Sunday, June 02, 2013

Eucharist: Recognizing and Embodying God's Presence in the World

Today is the feast of Corpus Christi, the 'body of Christ.' In its invitation to prayerfully reflect upon the meaning of Eucharist, Corpus Christi challenges us to renew our commitment to not only recognize God's transforming presence in this central communal celebration of our faith, but to also embody this presence in our world. Since the earliest days of the church, such recognition and embodiment have been inescapably connected with service to the poor.

In marking Corpus Christi this year at The Wild Reed, I share the following excerpt from Michael Morwood's book Tomorrow's Catholic: Understanding God and Jesus in a New Millennium.

A challenging question for Catholics today is whether our parish communities, as communities, are distinguishable from the general attitudes of society towards the poor in our midst. Bernard Cooke in a public address asked whether Catholicism has "lost its soul." His point was that as Catholics have moved up the ladder of economic success they have, in general, accepted uncritically today's social attitudes towards the disadvantaged. Yes, Catholics give generously to appeals, but the effective power and compassion of God has to be seen working against the political, social, economic, and even religious powers that disadvantage people in systemic ways.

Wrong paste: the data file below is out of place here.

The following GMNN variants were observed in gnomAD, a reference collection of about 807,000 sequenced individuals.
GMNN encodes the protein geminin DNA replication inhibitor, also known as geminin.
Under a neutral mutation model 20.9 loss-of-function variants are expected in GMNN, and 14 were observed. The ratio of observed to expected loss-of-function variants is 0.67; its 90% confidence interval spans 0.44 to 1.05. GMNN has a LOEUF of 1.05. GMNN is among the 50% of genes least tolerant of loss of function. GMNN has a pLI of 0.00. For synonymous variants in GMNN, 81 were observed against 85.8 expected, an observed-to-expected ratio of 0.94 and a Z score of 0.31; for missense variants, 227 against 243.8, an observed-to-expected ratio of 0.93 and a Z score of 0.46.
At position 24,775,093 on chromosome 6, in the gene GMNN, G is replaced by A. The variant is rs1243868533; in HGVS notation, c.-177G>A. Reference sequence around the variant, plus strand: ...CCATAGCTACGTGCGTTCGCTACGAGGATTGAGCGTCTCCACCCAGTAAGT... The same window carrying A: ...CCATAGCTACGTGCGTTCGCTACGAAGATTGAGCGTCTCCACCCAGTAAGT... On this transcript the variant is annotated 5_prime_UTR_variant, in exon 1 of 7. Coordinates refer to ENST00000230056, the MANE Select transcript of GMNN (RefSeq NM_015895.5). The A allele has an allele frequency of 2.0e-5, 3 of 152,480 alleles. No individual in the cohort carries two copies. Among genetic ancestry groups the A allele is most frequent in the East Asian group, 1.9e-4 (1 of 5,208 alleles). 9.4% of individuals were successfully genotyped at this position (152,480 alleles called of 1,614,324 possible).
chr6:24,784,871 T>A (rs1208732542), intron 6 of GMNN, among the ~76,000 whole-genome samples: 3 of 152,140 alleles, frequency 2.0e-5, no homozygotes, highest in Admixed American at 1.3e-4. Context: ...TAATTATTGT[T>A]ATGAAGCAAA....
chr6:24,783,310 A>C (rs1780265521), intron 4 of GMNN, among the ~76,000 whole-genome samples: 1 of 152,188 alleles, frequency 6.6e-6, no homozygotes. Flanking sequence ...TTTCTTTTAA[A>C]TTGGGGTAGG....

Much of our moral focus as Catholics has been on individual morality. While that focus will remain, we are being challenged today to focus also on social systems and economic strategies which manipulate, exploit, and dehumanize. The effective power and compassion of God has to be embodied, and Eucharist proclaims that we will be this presence. If Eucharist does not lead us to this awareness and action, then our Eucharists are a sham.

– Michael Morwood
Tomorrow's Catholic
p. 109

See also the previous Wild Reed posts:
Corpus Christi
Celebrating and Embodying Divine Hospitality
Take This Bread
The Challenge of Eucharist
"Receive What You Are, the Body of Christ"
Trusting God's Generous Invitation
"Take, All of You, and Eat": Communion and the Rainbow Sash
My Rainbow Sash Experience
Remembering the "Radical Ethic" of the Catholic Worker Movement
Authentic Catholicism: The Antidote to Clericalism
Francis of Assisi: The Antithesis of Clericalism and Monarchism
In the Garden of Spirituality – Michael Morwood

Related Off-site Links:
Understand What You Do – Patricia Datchuck Sánchez (National Catholic Reporter, June 1, 2013).
What We Receive in the Eucharist – Susan Stabile (Creo en Dios!, June 2, 2013).
Give Them Some Food Yourselves – Sherry (Walking in the Shadows, June 2, 2013).
In Persona Christi: The Rise of the Phallogocentric Eucharist – Bryce Rich (Fides Quaerens Intellectum, April 8, 2011).
"From Sand to Solid Ground": An Interview with Michael MorwoodCatholica (2008).

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